It most resembles Desktop Tower Defense in that you can build defense towers. And walls. And if you like, you can build them in such a way as to channel enemies into specific areas, and slow their progress, creating kill-zones and... you see where I'm going with this? If you haven't played Desktop Tower Defense you don't, but if you haven't played that, then you should click on the link up towards the top of this review and do that. It's a Flash game, and it's rather ingenius even if I do suck at it.
Of course, if you want to build intricate structures you're going to need workers, and workers need food, so you'll need more workers to harvest food, and you'll need inns for workers to eat and so on. Globulation 2 is an expanded and uber-deep implementation the basic mechanics of that game, combined with the resource gathering and population management of the RTS genre and ends up something else altogether, with the potential to become something greater than the sum of its parts.
It's not quite there yet. On the handful of maps I played, it seemed too easy - I never played a map where I didn't just build all the useful structures, max out their upgrades, build an army, and go to town. Some of the smaller maps may have played out differently, with constant skirmishing redefining the pace and prioritization, but that wasn't my experience.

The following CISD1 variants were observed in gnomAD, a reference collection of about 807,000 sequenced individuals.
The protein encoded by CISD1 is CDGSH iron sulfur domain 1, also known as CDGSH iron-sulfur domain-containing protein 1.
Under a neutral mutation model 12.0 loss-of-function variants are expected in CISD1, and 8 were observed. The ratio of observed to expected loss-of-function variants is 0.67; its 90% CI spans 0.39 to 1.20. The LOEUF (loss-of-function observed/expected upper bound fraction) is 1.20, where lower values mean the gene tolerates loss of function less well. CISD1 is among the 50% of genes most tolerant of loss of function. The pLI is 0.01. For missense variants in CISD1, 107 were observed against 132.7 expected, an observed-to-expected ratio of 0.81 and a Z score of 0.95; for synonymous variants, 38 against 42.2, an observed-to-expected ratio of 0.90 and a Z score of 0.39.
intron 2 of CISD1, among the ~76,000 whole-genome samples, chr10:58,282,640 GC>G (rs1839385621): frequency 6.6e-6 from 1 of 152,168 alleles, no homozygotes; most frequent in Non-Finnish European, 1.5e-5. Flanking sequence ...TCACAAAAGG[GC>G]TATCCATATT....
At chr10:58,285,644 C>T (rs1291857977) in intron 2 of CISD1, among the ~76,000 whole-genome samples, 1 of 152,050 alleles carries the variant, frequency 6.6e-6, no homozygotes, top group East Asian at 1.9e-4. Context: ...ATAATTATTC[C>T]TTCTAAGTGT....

Most damning is the lack of a campaign. The version offered by Ubuntu's package sources has a tutorial that's quite short, and no campaigns. The most recent release (again with this complete out-of-sync thing going on; there have been three releases since the one the packages are distributing) has expanded the tutorial into a four-part campaign, but it's still just a tutorial. For single-player fun, a campaign is (IMHO) essential for this game.
There are a decent number of varied and interesting maps, for the record. This makes online multiplayer sound very appealing, as it's almost certain that human opponents would not only make victory more appealing, they'd offer up surprising and entertaining strategies compared to the rather blasé experience one gets from the AI. Thankfully, there is networked multiplayer support (LAN or internet), and so all is right with the world.
The graphics are nice, and actually remind me of the style you get from some of the better Flash games (possibly just because I was thinking of Flash games as I played it). Crisp, but also cute - I seem to have neglected to mention that the game centers around competing tribes of 'globules', gelatinous-looking faceless creatures. I mention it now. They're amusingly cute, almost relaxing to behold, and the art-direction goes with the trend. Everything has a sort of pastoral, innocent vibe.